Monday, 22 July 2013

On Becoming Dean of Innovation and Learning

Last week I had the pleasure of accepting an invitation to become Dean of Innovation and Learning for the Purposeful Planning Institute. The PPI consists of legal, financial, wealth and lifestyle advisors to high net worth individuals and ultra-high net worth family offices. They are a great bunch of people who, as their Institute’s name suggests, seek to go beyond simple financial planning and look deeper into the purpose it is meant to serve for both this generation and those yet to come. To do this they need to find out what really matters to their clients so that financial and legal decisions are driven by and serve the client’s fundamental beliefs and values. Being able to do this is a real skill and that’s where I come in.

I have been working with them over a number of years and indeed I will be speaking at their conference as I do each year in Denver in August.

They did a very striking thing recently. They surveyed members about the most pressing kind of innovation needed in the field. What came back was that approximately 60% of respondents said that the greatest need for innovation was in the area of client conversations.

So, not fancy new products, just how to engage in good conversations that ensure people are clear about how to create a future for themselves and others that is in keeping with their goals, values, beliefs and aspirations. To achieve this you need to be able to shift from presentation to elicitation.

That’s why this year my session is entitled “How powerful are your questions?” While some questions are more useful than others in drawing people out there is no magic set of all-purpose ‘powerful questions’ which you can just fire off in any situation.

In addition to having the right question there’s the small matter of rapport and timing. Ever noticed how someone can be technically very competent but not good at putting others at ease? Well it’s the same with elicitation: if you don’t have the rapport it doesn’t matter how good your questions are. Similarly timing really can be everything. It may be the right question but is it the right time to ask it? Instead of defaulting to a few favourite questions which just become a habit, it’s better to have an understanding of what’s going on when you ask a question. Then you can engage appropriately.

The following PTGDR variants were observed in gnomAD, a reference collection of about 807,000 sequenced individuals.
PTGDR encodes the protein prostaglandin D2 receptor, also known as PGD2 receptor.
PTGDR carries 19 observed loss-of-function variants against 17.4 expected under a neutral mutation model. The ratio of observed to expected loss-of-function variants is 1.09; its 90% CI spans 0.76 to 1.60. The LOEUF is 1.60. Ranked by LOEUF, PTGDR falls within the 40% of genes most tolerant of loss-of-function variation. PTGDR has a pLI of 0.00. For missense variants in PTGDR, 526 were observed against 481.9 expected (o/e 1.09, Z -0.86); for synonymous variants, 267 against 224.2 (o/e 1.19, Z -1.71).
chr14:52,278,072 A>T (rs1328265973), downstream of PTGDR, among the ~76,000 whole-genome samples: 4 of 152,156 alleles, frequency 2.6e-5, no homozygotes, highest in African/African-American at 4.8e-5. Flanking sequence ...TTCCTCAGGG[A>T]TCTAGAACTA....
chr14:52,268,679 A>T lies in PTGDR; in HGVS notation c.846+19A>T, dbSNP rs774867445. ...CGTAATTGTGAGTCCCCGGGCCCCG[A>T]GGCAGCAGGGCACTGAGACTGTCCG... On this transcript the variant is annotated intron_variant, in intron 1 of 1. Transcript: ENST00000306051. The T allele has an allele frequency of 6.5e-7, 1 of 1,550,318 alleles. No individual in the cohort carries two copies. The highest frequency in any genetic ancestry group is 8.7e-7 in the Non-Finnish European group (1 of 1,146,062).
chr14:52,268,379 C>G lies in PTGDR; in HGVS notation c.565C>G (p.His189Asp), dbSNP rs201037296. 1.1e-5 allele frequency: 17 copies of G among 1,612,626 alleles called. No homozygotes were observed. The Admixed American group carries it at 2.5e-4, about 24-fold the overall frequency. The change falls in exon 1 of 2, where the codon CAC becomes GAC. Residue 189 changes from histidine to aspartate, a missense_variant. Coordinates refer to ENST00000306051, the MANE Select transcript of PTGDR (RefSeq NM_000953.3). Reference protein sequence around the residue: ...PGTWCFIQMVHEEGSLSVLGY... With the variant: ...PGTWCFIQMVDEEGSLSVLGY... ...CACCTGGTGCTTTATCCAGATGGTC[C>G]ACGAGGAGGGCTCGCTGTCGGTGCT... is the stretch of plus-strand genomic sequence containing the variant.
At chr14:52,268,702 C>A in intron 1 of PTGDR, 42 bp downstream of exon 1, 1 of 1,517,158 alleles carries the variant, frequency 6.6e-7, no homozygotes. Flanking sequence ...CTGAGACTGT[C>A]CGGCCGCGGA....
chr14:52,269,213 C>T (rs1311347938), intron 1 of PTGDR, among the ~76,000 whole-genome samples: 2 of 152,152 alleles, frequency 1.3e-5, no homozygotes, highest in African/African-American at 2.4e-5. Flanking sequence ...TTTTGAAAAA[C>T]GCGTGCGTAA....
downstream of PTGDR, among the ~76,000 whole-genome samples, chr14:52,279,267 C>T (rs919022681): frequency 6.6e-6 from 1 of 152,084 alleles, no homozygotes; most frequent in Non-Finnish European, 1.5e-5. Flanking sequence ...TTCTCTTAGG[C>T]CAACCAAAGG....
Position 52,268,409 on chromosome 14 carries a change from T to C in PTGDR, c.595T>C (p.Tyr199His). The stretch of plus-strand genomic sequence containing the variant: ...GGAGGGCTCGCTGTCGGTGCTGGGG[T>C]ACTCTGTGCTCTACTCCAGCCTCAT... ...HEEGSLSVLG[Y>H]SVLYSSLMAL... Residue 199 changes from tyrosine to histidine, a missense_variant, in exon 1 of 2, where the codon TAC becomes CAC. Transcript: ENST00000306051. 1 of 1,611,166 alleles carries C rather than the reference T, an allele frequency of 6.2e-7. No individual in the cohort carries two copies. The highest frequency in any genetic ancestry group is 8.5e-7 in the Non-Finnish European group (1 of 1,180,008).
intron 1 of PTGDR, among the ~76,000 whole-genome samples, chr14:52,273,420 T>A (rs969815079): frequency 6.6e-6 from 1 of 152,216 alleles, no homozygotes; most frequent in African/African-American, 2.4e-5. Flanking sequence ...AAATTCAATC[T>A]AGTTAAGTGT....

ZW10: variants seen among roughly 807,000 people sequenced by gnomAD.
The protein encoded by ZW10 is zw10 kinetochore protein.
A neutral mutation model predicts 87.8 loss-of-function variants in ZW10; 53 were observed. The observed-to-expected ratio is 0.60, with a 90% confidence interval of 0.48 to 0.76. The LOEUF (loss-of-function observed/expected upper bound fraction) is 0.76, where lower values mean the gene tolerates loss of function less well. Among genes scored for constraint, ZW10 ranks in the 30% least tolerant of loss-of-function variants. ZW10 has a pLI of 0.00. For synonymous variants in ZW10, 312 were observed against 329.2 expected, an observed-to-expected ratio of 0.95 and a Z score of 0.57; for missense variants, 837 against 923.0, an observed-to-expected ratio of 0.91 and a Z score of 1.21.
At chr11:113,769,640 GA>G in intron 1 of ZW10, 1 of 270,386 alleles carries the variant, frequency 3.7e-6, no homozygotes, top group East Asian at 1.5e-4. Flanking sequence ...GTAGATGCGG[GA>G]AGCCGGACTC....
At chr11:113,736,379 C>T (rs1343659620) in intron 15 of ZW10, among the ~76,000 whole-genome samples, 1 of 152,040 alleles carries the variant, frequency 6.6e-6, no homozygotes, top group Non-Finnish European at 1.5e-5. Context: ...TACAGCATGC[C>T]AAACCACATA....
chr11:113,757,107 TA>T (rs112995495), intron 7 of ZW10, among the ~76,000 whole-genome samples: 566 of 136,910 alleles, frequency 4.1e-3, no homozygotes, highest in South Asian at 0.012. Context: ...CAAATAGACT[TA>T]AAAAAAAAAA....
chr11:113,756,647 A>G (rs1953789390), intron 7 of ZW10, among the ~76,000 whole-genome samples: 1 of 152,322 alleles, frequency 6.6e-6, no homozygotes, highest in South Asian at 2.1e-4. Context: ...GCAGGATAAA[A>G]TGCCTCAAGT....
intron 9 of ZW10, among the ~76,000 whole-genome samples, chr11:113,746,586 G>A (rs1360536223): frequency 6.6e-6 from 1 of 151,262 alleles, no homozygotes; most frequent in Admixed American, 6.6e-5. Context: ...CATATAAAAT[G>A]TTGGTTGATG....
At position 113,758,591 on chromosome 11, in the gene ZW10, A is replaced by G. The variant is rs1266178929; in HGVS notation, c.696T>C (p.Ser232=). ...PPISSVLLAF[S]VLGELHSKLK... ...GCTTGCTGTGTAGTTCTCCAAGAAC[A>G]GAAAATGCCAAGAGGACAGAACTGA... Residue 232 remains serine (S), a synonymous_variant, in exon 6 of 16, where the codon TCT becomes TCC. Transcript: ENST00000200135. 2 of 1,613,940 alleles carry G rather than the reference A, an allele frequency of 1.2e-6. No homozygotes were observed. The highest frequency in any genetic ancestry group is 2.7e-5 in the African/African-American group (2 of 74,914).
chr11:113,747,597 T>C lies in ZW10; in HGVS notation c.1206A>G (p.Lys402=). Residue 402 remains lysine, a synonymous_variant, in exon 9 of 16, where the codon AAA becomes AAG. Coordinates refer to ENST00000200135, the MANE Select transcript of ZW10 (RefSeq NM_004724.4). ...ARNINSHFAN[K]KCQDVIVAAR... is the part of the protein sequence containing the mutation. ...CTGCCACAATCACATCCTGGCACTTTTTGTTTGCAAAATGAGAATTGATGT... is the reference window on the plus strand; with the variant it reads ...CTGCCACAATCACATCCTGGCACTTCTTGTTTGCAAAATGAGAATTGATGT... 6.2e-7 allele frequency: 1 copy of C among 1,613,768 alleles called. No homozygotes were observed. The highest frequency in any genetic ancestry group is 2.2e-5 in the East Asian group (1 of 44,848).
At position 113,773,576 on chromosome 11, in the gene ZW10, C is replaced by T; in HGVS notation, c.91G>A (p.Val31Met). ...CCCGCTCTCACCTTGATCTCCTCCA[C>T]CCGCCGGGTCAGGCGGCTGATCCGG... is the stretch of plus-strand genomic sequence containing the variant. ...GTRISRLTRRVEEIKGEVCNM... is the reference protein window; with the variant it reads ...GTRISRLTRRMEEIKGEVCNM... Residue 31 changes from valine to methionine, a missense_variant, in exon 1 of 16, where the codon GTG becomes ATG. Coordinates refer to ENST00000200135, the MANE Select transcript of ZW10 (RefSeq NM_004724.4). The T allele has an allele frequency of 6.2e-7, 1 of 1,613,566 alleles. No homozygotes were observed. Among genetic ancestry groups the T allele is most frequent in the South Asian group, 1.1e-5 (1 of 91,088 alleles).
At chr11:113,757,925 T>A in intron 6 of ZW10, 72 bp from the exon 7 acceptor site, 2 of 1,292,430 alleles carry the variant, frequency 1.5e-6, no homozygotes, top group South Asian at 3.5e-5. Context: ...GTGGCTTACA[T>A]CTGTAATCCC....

So in a nutshell, whenever we ask a question we send the brain on an internal search. The question is how useful was that search? One thing we can do to improve our questioning skills is ask ourselves, what are we’re really going for?

Advisors then would do well to ask themselves a question before they ask their clients anything, namely, ‘What is the quest in my question?’ Or to put it another way, what kind of search am I seeking to trigger?

Although this is a perfectly learnable skill, very few people exercise such intellectual discipline. It’s incredibly helpful because if you know what you’re going for, you’re far more likely to notice if you don’t get it and you’re much less likely to be distracted by an out of left field answer. Outstanding communicators invariably know what they’re going for and don’t get distracted.

As ever innovation begins with how we think. Just how rare this is as a mindset was brought home to me by a student in an Innovative Skills program I was running recently who exclaimed: “You want me to think before opening my mouth? Wow! That’s pretty innovative!”

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1 comment:

  1. Congratulations Ian, this is great news.